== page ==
She Goes

Okay, here's one of the reasons my job does suck on occasion...

The role of Liz in High Fidelity. She sings the Aretha Franklin number, "She Goes," and she also plays one of Rob's ex-girlfriends.

So we cast this woman in the role who did really great at the audition. On her audition sheet, she wrote that she had two date conflicts with our schedule -- two dates on which she was doing another show. So I emailed her and asked if there were any rehearsals for that show that we needed to worry about. She wrote back that, oh yeah, there were rehearsals! With that information included, she now had twelve conflicts! But she said, she had a very small part in the other show and really wanted to do High Fidelity, so if I couldn't make the schedule work, she'd drop out of the other show.

That should have been a red flag! Any time an actor is willing to drop out of another show to work with us, that means they don't necessarily mind dropping out of shows... which is bad...

I wrote back that, no, we could not accommodate twelve conflicts. So the next day, she sends me an email saying she's thought about it, and she will drop out of the other show to accept our role. It made me a little uneasy, but she really was great.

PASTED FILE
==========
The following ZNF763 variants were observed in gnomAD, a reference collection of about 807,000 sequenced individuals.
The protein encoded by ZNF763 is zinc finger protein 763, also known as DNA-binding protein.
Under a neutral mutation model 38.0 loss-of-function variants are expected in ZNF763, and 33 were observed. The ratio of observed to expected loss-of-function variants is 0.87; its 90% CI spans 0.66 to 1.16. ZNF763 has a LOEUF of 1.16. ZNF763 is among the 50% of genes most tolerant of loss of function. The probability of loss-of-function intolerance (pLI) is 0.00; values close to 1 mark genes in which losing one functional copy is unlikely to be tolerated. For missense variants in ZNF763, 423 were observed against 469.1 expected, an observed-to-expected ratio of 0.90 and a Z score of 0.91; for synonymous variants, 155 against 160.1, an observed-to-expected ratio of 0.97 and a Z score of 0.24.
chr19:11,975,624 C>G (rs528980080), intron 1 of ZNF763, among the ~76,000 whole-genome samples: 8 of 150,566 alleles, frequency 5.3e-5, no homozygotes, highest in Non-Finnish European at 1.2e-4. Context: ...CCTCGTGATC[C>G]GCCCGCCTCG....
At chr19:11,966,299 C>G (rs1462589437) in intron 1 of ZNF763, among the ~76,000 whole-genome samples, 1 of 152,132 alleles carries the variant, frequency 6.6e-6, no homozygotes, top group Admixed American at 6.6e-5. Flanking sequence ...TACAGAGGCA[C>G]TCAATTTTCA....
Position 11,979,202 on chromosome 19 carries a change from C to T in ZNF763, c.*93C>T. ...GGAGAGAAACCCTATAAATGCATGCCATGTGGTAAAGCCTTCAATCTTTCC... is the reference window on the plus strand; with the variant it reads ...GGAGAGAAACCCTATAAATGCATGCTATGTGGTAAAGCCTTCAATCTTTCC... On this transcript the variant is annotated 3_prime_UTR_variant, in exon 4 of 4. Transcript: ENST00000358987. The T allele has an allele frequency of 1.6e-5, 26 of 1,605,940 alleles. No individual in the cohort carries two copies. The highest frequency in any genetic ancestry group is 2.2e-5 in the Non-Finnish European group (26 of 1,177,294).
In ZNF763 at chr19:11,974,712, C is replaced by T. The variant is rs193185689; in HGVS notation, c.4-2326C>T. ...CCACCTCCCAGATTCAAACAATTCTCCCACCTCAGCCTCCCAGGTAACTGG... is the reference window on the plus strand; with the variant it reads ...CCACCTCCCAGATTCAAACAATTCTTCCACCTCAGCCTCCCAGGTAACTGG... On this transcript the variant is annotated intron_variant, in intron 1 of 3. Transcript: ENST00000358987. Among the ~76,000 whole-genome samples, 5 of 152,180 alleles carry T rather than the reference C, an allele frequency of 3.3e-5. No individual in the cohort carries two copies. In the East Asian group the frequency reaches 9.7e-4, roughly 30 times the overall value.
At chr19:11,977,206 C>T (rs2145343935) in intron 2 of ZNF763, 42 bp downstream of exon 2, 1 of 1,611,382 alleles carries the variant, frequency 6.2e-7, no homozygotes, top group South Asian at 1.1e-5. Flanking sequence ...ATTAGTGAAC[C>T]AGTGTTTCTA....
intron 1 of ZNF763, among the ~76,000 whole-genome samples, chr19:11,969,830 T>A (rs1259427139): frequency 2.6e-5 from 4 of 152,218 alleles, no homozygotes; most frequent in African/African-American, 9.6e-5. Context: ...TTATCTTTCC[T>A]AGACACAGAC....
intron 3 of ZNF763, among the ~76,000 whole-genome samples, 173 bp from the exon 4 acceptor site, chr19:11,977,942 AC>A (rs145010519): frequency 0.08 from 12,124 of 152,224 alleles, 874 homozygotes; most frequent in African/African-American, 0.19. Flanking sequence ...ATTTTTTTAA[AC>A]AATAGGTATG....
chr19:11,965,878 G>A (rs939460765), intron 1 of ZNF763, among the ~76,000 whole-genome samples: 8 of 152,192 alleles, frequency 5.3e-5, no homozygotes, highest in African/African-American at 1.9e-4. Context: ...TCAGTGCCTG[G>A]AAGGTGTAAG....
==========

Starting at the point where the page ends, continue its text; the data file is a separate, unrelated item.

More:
But literally just a couple hours after the email, I got a voice mail from her saying, no, she had changed her mind, she probably shouldn't do our show after all.

Okay...

So we cast our second choice, another woman who had done well at the audition. I talked to her, she was very excited, and couldn't wait to get started.

This was all a few weeks ago, and in the interim, I sent out a rehearsal schedule, and several emails about various things, all including rehearsal and show dates... All the dates were also on the audition sheet back in March.

Then on the day of our first rehearsal, at 5:15 p.m., this second woman emails me to tell me that she hadn't looked at any of the dates until just that moment, and she had a conflict with performances, so she was quitting. Now, other folks at the audition have told me this woman had been talking about the dates at the audition, so we know she had seen them.

That night at the first rehearsal, one of the guys in the show mentioned that he knew the first woman we cast and would be happy to call her. So he did. And she decided to come join us, after all. We thought everything was fine. (Yes, we were that stupid.) She came to one rehearsal, Tuesday night, and did a great job. Wednesday, she emails me again, this time to tell me that, though we start at 6:30, she won't be there till 8:00 on a few occasions, because now she's doing both shows. Uh-oh.

Then Thursday night comes, and she (remember, we're back to the first woman now) doesn't show up. She calls halfway through rehearsal to tell me that her headlights don't work, so she probably can't get to rehearsal that night. After rehearsal, she calls again and tells me that she's found a pianist who will help her learn the parts she has missed.

Then this morning I get an email from her telling me she's quitting.

This is the part of the process the audience never sees. Thank God. It's like watching sausage being made. You just don't want to.

Long Live the Musical!
Scott

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